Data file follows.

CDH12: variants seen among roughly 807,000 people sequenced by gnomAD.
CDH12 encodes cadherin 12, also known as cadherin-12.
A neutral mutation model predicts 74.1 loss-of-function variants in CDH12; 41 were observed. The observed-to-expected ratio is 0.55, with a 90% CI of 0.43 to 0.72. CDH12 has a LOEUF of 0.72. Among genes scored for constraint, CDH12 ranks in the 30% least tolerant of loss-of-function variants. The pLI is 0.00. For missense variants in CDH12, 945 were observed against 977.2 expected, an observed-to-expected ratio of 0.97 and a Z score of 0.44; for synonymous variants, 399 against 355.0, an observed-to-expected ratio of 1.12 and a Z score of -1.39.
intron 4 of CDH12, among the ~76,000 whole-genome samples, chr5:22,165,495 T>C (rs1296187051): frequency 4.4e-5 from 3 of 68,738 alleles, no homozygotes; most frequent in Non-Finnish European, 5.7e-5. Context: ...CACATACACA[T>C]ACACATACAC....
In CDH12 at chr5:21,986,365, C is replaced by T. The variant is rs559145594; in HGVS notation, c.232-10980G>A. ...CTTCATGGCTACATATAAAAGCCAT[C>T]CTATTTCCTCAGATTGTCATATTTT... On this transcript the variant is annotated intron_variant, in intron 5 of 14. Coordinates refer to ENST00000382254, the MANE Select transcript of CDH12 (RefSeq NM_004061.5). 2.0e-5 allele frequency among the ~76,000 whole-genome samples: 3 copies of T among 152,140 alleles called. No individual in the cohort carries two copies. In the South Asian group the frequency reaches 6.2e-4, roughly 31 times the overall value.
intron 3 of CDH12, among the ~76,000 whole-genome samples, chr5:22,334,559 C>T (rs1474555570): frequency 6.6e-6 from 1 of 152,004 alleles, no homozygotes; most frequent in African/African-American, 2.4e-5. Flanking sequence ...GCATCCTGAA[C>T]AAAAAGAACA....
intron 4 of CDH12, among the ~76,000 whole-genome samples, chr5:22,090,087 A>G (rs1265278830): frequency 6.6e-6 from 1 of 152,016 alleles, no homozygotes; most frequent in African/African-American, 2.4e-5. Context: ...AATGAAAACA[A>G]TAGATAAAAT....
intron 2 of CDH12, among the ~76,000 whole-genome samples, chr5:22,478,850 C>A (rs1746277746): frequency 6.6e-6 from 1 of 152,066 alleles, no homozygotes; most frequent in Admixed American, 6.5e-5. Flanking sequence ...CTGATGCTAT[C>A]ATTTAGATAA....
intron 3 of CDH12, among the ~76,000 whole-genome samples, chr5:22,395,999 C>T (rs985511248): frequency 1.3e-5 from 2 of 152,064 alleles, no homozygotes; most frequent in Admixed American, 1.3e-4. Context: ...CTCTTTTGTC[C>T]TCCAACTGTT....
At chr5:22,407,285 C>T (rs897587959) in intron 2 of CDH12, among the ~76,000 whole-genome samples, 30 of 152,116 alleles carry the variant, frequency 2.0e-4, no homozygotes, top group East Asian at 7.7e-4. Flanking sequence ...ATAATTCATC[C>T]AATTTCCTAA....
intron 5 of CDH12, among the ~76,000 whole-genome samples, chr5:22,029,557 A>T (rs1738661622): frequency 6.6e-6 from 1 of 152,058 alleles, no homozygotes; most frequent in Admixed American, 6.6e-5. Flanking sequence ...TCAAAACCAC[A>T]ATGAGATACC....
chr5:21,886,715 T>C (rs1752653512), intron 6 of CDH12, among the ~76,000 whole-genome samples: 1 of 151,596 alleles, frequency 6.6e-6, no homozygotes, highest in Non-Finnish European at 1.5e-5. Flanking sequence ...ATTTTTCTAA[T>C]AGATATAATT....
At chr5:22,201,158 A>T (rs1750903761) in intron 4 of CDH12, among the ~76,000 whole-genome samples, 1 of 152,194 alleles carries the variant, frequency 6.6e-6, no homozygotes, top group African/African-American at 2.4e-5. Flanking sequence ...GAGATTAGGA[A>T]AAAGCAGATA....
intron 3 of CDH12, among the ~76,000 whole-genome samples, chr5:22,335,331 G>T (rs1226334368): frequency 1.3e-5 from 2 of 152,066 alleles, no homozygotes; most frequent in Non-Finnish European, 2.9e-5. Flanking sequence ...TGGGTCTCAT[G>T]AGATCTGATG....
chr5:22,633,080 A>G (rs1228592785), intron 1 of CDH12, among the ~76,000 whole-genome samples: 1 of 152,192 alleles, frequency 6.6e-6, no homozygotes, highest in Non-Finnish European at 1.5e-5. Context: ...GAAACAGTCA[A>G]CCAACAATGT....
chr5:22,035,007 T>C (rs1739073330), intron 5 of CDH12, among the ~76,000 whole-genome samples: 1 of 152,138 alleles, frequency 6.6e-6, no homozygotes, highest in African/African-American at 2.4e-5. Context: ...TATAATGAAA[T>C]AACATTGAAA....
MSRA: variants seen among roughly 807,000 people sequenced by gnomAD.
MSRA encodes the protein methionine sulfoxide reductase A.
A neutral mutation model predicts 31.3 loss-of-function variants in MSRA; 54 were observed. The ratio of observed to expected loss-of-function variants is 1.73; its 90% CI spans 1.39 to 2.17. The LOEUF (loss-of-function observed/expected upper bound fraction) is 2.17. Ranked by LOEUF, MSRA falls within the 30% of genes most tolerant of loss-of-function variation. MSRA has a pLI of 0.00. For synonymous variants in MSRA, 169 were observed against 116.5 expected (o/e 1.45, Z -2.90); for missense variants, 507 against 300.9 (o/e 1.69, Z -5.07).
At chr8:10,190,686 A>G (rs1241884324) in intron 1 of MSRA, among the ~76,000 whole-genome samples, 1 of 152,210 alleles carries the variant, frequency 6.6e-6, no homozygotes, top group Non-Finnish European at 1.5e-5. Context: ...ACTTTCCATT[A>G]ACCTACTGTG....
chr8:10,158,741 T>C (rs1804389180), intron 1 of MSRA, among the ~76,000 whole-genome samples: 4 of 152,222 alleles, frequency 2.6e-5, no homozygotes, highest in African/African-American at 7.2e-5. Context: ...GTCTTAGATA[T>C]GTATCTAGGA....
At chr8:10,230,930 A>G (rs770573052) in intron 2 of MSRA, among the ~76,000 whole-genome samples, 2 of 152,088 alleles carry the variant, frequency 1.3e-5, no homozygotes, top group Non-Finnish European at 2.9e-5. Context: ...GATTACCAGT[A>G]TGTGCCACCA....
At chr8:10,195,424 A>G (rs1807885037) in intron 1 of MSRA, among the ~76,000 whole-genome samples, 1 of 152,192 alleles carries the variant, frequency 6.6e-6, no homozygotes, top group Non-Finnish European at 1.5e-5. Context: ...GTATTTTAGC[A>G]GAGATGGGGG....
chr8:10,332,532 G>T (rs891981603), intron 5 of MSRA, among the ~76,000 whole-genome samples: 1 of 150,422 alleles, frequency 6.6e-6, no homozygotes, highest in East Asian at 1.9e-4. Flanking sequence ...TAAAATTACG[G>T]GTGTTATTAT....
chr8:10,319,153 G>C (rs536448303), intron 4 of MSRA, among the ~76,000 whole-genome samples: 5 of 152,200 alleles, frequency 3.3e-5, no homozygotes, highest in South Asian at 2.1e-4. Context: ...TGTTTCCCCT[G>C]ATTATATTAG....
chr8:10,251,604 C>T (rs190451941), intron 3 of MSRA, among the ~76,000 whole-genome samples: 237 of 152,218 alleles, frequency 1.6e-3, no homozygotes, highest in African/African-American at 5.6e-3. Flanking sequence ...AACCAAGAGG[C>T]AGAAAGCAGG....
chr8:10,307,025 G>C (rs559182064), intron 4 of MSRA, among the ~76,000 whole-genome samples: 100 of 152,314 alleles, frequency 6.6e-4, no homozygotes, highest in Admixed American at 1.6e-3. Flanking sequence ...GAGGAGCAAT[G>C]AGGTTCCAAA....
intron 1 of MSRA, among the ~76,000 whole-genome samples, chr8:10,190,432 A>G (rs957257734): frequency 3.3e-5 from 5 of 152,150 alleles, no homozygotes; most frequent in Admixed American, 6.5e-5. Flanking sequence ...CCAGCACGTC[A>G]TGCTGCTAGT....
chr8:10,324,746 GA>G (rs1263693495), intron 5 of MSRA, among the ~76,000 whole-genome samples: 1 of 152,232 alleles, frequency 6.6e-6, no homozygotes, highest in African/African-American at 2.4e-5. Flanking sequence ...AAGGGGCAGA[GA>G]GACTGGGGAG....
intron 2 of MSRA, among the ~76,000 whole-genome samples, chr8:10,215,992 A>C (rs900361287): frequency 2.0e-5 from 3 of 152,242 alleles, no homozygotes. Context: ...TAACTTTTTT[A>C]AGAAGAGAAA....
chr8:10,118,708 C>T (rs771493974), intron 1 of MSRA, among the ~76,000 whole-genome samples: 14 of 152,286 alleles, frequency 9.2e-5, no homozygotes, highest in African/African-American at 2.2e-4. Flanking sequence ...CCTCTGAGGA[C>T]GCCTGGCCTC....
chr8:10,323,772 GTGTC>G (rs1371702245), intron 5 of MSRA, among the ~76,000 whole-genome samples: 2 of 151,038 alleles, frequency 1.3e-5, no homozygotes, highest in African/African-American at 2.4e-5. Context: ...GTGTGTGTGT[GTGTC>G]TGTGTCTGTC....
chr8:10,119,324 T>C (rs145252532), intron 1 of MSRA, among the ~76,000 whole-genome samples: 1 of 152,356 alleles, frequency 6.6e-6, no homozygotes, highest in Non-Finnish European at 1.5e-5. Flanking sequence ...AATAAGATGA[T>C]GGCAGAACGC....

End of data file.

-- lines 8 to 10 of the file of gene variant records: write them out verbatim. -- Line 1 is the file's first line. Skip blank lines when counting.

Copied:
intron 2 of CDH12, among the ~76,000 whole-genome samples, chr5:22,478,850 C>A (rs1746277746): frequency 6.6e-6 from 1 of 152,066 alleles, no homozygotes; most frequent in Admixed American, 6.5e-5. Flanking sequence ...CTGATGCTAT[C>A]ATTTAGATAA....
intron 3 of CDH12, among the ~76,000 whole-genome samples, chr5:22,395,999 C>T (rs985511248): frequency 1.3e-5 from 2 of 152,064 alleles, no homozygotes; most frequent in Admixed American, 1.3e-4. Context: ...CTCTTTTGTC[C>T]TCCAACTGTT....
At chr5:22,407,285 C>T (rs897587959) in intron 2 of CDH12, among the ~76,000 whole-genome samples, 30 of 152,116 alleles carry the variant, frequency 2.0e-4, no homozygotes, top group East Asian at 7.7e-4. Flanking sequence ...ATAATTCATC[C>T]AATTTCCTAA....